Roads: Hamilton is about 130km (80 miles) south of Auckland. It sits at a major road and rail nexus in the centre of the Waikato basin. Cars are the t ransportm edium of c hoice in this flat, sprawling city and throughout the entire region. New Zealand's main road artery, State Highway 1, runs through several of Hamilton's suburbs and connects with State Highway 3 within the city boundaries. Taupo is served by State Highways SH 1 and SH 5, and the Thermal Explorer Highway touring route. All three highways run concurrently for 11 km from Wairakei in the north, along Tongariro Street and Lake Terrace, to southern Taupo.

Buses: An extensive bus network provides coverage of Hamilton City. Many routes extend radially from the central business district, while two ring routes encompass the central business district and the outer suburbs. A lot of the smaller areas have buses but you will need to check locally. Taupo also has great bus links.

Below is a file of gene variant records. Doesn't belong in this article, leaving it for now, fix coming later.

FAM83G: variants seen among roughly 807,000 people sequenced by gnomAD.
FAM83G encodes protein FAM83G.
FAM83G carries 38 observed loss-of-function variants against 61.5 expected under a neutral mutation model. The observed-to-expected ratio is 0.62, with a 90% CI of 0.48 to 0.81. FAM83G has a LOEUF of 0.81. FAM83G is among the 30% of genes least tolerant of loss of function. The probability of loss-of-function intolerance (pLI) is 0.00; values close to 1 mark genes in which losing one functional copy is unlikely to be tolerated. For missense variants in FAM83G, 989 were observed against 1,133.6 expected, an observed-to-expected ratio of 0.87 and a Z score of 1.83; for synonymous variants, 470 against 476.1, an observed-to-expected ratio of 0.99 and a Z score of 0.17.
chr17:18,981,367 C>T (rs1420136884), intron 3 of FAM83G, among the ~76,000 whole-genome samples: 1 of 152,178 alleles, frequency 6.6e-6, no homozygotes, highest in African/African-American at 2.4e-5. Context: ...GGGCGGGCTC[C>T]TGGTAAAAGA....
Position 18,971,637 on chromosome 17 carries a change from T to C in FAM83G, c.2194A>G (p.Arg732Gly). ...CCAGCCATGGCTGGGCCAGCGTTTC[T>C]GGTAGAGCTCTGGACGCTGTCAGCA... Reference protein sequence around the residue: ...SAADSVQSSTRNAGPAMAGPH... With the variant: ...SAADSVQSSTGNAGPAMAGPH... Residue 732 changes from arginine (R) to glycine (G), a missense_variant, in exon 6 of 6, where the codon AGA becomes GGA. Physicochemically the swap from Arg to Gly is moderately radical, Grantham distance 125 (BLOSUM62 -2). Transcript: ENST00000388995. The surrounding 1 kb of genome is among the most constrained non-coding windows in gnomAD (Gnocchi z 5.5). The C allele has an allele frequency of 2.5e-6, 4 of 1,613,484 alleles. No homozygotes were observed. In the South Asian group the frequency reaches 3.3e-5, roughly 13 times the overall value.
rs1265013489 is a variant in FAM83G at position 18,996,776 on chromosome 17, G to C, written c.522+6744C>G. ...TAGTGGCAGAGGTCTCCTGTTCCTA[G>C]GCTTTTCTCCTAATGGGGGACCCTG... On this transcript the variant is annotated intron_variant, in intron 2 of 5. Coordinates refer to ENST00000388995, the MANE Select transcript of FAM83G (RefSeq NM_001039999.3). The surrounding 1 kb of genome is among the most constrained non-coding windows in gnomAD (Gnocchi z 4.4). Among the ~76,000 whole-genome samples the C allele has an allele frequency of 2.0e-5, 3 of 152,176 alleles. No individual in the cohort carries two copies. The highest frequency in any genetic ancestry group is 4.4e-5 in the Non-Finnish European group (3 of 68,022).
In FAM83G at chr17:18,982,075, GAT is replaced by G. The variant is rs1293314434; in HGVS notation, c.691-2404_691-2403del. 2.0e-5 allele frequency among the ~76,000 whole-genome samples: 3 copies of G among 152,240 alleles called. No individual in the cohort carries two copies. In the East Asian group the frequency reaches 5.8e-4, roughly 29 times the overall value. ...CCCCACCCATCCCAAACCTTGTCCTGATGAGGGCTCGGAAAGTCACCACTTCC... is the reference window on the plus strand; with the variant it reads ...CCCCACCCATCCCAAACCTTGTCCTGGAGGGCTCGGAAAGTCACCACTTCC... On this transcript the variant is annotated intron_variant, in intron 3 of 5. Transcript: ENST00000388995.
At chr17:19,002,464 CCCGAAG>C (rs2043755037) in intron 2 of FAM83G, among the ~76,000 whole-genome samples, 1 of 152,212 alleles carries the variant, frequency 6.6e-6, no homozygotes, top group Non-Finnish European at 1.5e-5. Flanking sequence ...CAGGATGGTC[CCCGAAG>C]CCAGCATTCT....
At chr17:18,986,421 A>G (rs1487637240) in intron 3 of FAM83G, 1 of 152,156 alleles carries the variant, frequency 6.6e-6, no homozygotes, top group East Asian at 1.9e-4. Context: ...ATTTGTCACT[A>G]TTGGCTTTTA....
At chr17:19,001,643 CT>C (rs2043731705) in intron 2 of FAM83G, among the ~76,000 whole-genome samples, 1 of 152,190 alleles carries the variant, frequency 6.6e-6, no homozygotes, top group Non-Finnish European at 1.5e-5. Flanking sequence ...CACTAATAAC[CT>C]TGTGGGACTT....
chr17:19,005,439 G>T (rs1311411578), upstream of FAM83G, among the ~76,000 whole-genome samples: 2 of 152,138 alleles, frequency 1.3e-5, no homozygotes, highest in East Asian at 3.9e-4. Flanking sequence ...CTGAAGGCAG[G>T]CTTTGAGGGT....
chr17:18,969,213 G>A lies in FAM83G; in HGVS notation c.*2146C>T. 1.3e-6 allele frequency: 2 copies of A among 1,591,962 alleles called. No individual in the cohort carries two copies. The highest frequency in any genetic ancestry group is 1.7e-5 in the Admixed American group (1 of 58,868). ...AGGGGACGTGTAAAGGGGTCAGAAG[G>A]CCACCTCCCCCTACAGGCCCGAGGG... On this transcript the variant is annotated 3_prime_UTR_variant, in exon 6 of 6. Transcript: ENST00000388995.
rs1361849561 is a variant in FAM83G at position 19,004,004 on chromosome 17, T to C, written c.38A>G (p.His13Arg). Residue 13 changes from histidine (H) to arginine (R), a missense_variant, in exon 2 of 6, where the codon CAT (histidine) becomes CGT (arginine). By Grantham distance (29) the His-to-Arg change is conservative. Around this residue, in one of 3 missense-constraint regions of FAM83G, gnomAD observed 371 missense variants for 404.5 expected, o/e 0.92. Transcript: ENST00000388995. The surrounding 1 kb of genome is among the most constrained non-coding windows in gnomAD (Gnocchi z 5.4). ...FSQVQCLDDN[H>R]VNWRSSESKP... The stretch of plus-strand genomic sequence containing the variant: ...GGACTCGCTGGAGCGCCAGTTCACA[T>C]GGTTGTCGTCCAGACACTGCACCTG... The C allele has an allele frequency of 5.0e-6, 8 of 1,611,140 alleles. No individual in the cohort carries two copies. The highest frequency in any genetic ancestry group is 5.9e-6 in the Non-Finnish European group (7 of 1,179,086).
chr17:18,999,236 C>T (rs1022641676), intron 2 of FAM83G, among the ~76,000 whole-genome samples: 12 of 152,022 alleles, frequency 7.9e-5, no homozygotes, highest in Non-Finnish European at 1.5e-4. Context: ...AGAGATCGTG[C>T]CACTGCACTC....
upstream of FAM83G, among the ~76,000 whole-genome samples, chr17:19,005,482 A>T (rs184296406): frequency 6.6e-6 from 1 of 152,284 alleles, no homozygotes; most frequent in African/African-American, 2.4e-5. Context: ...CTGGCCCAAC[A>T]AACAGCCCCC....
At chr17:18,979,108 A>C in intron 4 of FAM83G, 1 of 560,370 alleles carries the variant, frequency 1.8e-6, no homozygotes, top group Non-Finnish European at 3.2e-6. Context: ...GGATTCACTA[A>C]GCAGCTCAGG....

Ferries: Check out www.hamiltoninfo.co.nz for local boat hireage and any other Waikato information. Train: Hamilton is the r ailway junction of the E ast Coast Main Trunk line with the North Island. Rail passengers are served by a large station located at Frankton Junction, but rail passenger services are currently (2009) limited to The Overlander, a (mostly) daily service which operates between Auckland and Wellington, and is aimed primarily at tourists. Hamilton's rail network serves as a major hub for the distribution of dairy products to the ports of Auckland and Tauranga. This hub is located at Crawford St. Hamilton also has an underground station in the central city located in a tunnel which runs from the Claudelands Rail Bridge through to Ward Park and is currently disused.

Cycling: Hamilton has extensive cycleways that link the city centre with the outlying suburbs. These cycleways consist of a mixture of dedicated cycle lanes and mixed use cycle/walk ways. Most small towns are great to cycle around and you can check out cycle tours online. Taupo has fantastic cycling and if you are into mountain biking Lake Taupo has over 80km of purposecut mountain biking tracks.